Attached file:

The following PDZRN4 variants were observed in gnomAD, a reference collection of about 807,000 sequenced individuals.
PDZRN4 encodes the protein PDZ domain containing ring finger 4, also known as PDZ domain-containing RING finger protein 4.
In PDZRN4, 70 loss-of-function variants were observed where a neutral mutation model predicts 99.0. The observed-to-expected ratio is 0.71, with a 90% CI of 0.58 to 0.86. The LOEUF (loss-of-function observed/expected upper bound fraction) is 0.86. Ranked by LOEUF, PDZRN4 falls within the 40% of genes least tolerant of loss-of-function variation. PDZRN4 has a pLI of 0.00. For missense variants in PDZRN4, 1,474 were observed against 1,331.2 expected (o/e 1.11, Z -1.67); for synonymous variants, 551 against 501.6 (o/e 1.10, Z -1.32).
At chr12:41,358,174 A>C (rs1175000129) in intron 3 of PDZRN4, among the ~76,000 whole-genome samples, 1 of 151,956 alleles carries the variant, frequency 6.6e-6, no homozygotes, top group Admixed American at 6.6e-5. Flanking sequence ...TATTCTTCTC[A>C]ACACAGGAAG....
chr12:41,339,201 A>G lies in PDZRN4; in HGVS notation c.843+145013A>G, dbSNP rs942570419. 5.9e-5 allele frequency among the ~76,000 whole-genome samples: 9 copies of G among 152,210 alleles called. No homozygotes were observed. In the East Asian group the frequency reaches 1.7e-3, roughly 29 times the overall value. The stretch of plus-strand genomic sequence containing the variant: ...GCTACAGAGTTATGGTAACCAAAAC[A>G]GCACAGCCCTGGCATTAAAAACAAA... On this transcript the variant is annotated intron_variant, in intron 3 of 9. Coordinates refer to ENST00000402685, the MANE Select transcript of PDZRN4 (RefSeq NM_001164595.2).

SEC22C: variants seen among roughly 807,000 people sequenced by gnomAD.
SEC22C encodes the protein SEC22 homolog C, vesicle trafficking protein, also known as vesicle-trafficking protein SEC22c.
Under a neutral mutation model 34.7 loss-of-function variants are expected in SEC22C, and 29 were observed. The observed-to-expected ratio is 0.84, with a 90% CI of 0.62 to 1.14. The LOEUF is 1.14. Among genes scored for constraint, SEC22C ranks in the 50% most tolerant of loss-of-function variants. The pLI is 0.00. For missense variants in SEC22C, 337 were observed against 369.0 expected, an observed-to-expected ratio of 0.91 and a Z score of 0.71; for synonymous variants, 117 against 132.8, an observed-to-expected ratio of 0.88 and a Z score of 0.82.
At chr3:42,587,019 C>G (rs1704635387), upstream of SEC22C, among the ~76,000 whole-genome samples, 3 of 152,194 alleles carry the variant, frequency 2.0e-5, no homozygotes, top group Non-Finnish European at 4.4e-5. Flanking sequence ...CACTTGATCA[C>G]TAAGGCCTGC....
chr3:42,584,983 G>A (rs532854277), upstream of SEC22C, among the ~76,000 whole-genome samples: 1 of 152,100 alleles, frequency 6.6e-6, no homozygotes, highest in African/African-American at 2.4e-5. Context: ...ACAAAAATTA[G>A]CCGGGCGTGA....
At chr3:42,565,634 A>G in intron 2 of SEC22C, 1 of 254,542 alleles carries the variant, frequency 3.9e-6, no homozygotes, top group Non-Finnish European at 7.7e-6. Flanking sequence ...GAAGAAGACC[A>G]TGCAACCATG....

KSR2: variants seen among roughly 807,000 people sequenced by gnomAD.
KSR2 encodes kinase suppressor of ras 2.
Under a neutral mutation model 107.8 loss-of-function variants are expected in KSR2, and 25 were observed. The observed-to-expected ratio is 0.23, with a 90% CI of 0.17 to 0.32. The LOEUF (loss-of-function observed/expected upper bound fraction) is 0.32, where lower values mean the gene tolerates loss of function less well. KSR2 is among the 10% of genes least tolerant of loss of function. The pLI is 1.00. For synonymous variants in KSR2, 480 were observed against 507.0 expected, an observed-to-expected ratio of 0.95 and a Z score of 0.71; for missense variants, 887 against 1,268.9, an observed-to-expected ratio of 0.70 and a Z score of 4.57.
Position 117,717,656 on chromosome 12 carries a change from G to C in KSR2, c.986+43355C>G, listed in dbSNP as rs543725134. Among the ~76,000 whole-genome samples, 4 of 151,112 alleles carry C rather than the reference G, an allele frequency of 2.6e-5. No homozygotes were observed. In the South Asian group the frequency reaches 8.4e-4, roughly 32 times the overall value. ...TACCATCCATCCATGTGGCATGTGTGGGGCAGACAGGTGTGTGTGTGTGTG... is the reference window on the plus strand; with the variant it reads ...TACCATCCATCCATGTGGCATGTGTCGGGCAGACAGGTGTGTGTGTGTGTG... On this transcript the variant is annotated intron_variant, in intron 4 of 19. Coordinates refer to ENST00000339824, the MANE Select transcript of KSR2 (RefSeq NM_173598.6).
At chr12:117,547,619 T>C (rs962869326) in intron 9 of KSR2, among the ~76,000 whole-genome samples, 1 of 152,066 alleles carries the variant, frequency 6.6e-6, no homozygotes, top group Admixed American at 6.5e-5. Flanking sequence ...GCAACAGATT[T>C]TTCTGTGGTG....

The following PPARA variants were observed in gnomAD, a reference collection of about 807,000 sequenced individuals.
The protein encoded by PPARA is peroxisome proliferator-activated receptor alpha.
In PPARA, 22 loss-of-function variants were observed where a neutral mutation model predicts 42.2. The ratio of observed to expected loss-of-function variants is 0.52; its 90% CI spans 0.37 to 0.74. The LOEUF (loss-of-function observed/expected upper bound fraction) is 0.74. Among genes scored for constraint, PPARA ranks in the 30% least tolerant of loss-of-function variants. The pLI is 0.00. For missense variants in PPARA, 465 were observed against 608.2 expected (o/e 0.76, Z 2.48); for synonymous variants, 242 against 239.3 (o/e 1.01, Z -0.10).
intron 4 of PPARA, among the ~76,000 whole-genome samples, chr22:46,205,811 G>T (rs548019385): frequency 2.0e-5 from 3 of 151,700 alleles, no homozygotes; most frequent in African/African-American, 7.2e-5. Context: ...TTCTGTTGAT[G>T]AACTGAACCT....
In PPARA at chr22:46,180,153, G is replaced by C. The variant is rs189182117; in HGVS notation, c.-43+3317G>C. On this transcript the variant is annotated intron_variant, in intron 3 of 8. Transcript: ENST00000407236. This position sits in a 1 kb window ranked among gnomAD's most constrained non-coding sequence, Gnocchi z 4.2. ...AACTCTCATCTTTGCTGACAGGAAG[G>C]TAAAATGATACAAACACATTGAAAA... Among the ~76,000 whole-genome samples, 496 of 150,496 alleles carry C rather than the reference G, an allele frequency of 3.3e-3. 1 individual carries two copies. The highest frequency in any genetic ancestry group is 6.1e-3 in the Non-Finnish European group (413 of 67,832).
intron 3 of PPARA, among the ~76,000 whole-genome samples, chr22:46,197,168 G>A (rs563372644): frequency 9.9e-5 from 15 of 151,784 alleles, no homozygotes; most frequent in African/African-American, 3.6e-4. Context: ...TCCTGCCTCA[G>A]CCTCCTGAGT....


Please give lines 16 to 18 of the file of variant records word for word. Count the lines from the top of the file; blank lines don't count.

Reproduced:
At chr12:117,547,619 T>C (rs962869326) in intron 9 of KSR2, among the ~76,000 whole-genome samples, 1 of 152,066 alleles carries the variant, frequency 6.6e-6, no homozygotes, top group Admixed American at 6.5e-5. Flanking sequence ...GCAACAGATT[T>C]TTCTGTGGTG....

The following PPARA variants were observed in gnomAD, a reference collection of about 807,000 sequenced individuals.
The protein encoded by PPARA is peroxisome proliferator-activated receptor alpha.